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What is Andy Hertzfeld’s Net Worth?
Andy Hertzfeld is an American computer scientist and inventor who has a net worth of $50 million. Andy Hertzfeld was part of the original Apple Macintosh computer development team in the early 80s. Hertzfeld went to work for Apple Computer after buying an Apple II. From 1979 to 1984 he worked as a designer for the Macintosh system software. After leaving Apple in 1984, he co-founded the electronics companies Radius, General Magic, and Eazel. Later, from 2005 to 2013, Hertzfeld worked as a designer at Google. Andy was the key designer of the Circles user interface in Google+.
Hertzfeld was portrayed by Elden Henson in the movie “Jobs” and by Michael Stuhlbarg in the film “Steve Jobs.”
Early Life and Education
Andy Hertzfeld was born on April 6, 1953 in Philadelphia, Pennsylvania. For his higher education, he went to Brown University, from which he graduated with a degree in computer science in 1975. Hertzfeld went on to attend the University of California, Berkeley for his graduate studies.
In 1978, Hertzfeld purchased an Apple II computer and soon after started developing software for it. He also began writing for the monthly publications Call-A.P.P.L.E. and Dr. Dobb’s Journal. This eventually drew the attention of Apple itself, which hired Hertzfeld in 1979 as a systems programmer. During his early years at Apple, Hertzfeld developed the firmware for the company’s first printer, the Apple Silentype, and also wrote the firmware for the Sup’R’Terminal, the first 80-column peripheral card for the Apple II computer. A little later, he wrote an icon and font editor to enable the design of the standard Macintosh computer icons, which he enlisted his artist friend Susan Kare to design.
Eventually, in 1981, Hertzfeld became a member of the design team for the Apple Macintosh computer, working for Bud Tribble alongside Burrell Smith and Bill Atkinson. He served as the primary software architect of the Macintosh Operating System, which broke ground at the time for its use of the graphical user interface. Additionally, Hertzfeld wrote major portions of the original system software for the Macintosh, including such integral components as the user interface toolbox, control panel, and scrapbook.
Following his departure from Apple in 1984, Hertzfeld co-founded the computer hardware company Radius with Mike Boich, Burrell Smith, Alain Rossmann, and Matt Carter. Radius specialized in Macintosh peripherals and various accessories, including processor upgrade cards, graphics accelerators, video capture cards, and color calibrators. The company’s first product, the Radius Full Page Display, pioneered the concept of having multiple screens available in a single coordinate space, permitting users to move windows across the screens.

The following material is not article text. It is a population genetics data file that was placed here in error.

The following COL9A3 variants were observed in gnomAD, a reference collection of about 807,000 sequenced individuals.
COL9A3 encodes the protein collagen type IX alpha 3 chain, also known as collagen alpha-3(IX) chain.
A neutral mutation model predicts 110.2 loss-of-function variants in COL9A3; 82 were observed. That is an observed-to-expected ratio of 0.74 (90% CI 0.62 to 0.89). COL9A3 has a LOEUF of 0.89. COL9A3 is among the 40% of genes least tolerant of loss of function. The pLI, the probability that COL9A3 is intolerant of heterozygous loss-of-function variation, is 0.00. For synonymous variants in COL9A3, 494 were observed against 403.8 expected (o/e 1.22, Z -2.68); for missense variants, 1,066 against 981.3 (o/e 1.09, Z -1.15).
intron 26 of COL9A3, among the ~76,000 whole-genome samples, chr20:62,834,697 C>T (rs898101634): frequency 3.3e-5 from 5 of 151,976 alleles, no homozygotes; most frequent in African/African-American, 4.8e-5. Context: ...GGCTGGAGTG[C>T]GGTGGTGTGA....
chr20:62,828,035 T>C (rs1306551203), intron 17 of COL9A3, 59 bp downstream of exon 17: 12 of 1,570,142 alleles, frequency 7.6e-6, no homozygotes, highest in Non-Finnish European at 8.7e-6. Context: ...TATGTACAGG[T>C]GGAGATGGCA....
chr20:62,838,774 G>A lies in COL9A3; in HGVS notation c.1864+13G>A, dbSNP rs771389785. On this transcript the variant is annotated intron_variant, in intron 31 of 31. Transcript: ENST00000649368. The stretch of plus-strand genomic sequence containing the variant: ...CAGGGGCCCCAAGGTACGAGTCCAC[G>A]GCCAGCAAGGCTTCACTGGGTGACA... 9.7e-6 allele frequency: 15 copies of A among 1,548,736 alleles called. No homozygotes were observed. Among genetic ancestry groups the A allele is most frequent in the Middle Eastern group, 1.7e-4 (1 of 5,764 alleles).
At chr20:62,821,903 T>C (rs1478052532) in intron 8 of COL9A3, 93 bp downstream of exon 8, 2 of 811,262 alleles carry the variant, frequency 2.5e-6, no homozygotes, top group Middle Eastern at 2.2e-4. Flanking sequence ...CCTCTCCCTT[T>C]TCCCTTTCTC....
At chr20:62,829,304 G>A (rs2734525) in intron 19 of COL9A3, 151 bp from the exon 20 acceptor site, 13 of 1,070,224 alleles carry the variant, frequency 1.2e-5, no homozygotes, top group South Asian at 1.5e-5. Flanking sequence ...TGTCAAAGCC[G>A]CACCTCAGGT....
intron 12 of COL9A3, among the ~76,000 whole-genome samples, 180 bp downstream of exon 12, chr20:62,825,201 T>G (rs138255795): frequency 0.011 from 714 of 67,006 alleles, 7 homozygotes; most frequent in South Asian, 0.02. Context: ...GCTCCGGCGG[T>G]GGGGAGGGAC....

Radius went public in 1990; however, by 1992, it was experiencing great difficulties, with many shareholder lawsuits accusing its managers of insider trading. After a round of layoffs in 1993, Radius acquired the video production software company VideoFusion. The next year, it acquired the rival company SuperMac. In early 1999, Radius changed its name to Digital Origin and focused on creating video editing software and hardware. A few years later, in 2002, it was acquired by the company Media 100.
Hertzfeld’s second company following his Apple tenure was General Magic, a software and electronics company he co-founded with Marc Porat and Bill Atkinson in 1990. Early on, the company operated in near-total secrecy; soon enough, however, it attracted the notice of many of the most prominent electronics corporations in the world, such as Sony and AT&T, which became partners and investors. In 1994, General Magic released its flagship product, the Magic Cap, the object-oriented operating system that was used in Sony’s Magic Link as well as the Motorola Envoy. Among its other products, General Magic developed the antecedents to such devices and components as USBs, software modems, touchscreen controller integrated circuits, and networked games.
General Magic went public in early 1995. Its success was relatively short-lived, however, as its stock had dropped substantially by the end of the decade. The company announced that it would discontinue its operations in 2002. Two years after that, General Magic was liquidated.
The third company founded by Hertzfeld was Eazel, in 1999. Notably, the staff of the company included numerous former employees of such top technology companies as Apple, Microsoft, Netscape, and Sun Microsystems. Eazel’s flagship product was the Nautilus file manager for Linux’s GNOME desktop. After a failed attempt to monetize and secure necessary funding, Eazel ended its operations in the spring of 2001.
Among his other activities, Hertzfeld volunteered his services to the Open Source Applications Foundation from 2002 to 2003. For the organization, he wrote early prototypes of the personal information management software Chandler. In 2004, Hertzfeld launched the website folklore.org, a collective storytelling platform that includes many anecdotes about the making of the original Macintosh computer. The following year, Hertzfeld began working for Google. For the brand, he served as the key designer of the Google+ Circles user interface, and also worked on the image-organizing software Picasa. Hertzfeld left Google in the summer of 2013.
Personal Life and Real Estate
In 1998, Hertzfeld married Joyce McClure. The couple resides in Palo Alto, California. They bought their Palo Alto home a year after marrying, for $350,000. Today the home is likely worth $6-7 million.